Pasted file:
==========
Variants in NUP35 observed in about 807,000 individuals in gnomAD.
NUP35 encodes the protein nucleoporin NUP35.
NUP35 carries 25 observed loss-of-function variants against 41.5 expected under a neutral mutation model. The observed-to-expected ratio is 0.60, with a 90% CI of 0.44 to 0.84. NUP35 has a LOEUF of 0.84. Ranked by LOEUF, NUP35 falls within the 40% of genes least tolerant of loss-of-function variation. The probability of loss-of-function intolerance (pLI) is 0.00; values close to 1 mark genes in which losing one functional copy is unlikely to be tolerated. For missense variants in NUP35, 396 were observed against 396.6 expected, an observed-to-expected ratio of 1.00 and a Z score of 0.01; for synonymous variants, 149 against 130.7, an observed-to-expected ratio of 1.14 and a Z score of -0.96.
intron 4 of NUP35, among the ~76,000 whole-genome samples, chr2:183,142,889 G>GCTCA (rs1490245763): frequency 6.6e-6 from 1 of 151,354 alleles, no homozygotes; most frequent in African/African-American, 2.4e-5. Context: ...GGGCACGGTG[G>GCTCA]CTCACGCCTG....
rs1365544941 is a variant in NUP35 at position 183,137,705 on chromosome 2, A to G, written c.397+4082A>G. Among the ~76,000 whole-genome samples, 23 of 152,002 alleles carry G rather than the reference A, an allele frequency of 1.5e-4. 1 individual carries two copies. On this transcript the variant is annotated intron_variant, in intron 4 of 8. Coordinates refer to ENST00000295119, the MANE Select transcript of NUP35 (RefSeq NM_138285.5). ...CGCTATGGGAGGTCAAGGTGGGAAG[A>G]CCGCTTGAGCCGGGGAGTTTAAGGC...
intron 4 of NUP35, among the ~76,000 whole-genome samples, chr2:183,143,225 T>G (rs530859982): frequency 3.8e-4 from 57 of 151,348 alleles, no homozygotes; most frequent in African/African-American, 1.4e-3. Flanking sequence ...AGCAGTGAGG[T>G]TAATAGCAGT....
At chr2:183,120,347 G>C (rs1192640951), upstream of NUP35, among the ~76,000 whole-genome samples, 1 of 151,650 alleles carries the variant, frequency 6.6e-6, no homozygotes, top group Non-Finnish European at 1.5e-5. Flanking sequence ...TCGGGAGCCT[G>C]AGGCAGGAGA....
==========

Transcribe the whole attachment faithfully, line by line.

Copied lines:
Variants in NUP35 observed in about 807,000 individuals in gnomAD.
NUP35 encodes the protein nucleoporin NUP35.
NUP35 carries 25 observed loss-of-function variants against 41.5 expected under a neutral mutation model. The observed-to-expected ratio is 0.60, with a 90% CI of 0.44 to 0.84. NUP35 has a LOEUF of 0.84. Ranked by LOEUF, NUP35 falls within the 40% of genes least tolerant of loss-of-function variation. The probability of loss-of-function intolerance (pLI) is 0.00; values close to 1 mark genes in which losing one functional copy is unlikely to be tolerated. For missense variants in NUP35, 396 were observed against 396.6 expected, an observed-to-expected ratio of 1.00 and a Z score of 0.01; for synonymous variants, 149 against 130.7, an observed-to-expected ratio of 1.14 and a Z score of -0.96.
intron 4 of NUP35, among the ~76,000 whole-genome samples, chr2:183,142,889 G>GCTCA (rs1490245763): frequency 6.6e-6 from 1 of 151,354 alleles, no homozygotes; most frequent in African/African-American, 2.4e-5. Context: ...GGGCACGGTG[G>GCTCA]CTCACGCCTG....
rs1365544941 is a variant in NUP35 at position 183,137,705 on chromosome 2, A to G, written c.397+4082A>G. Among the ~76,000 whole-genome samples, 23 of 152,002 alleles carry G rather than the reference A, an allele frequency of 1.5e-4. 1 individual carries two copies. On this transcript the variant is annotated intron_variant, in intron 4 of 8. Coordinates refer to ENST00000295119, the MANE Select transcript of NUP35 (RefSeq NM_138285.5). ...CGCTATGGGAGGTCAAGGTGGGAAG[A>G]CCGCTTGAGCCGGGGAGTTTAAGGC...
intron 4 of NUP35, among the ~76,000 whole-genome samples, chr2:183,143,225 T>G (rs530859982): frequency 3.8e-4 from 57 of 151,348 alleles, no homozygotes; most frequent in African/African-American, 1.4e-3. Flanking sequence ...AGCAGTGAGG[T>G]TAATAGCAGT....
At chr2:183,120,347 G>C (rs1192640951), upstream of NUP35, among the ~76,000 whole-genome samples, 1 of 151,650 alleles carries the variant, frequency 6.6e-6, no homozygotes, top group Non-Finnish European at 1.5e-5. Flanking sequence ...TCGGGAGCCT[G>C]AGGCAGGAGA....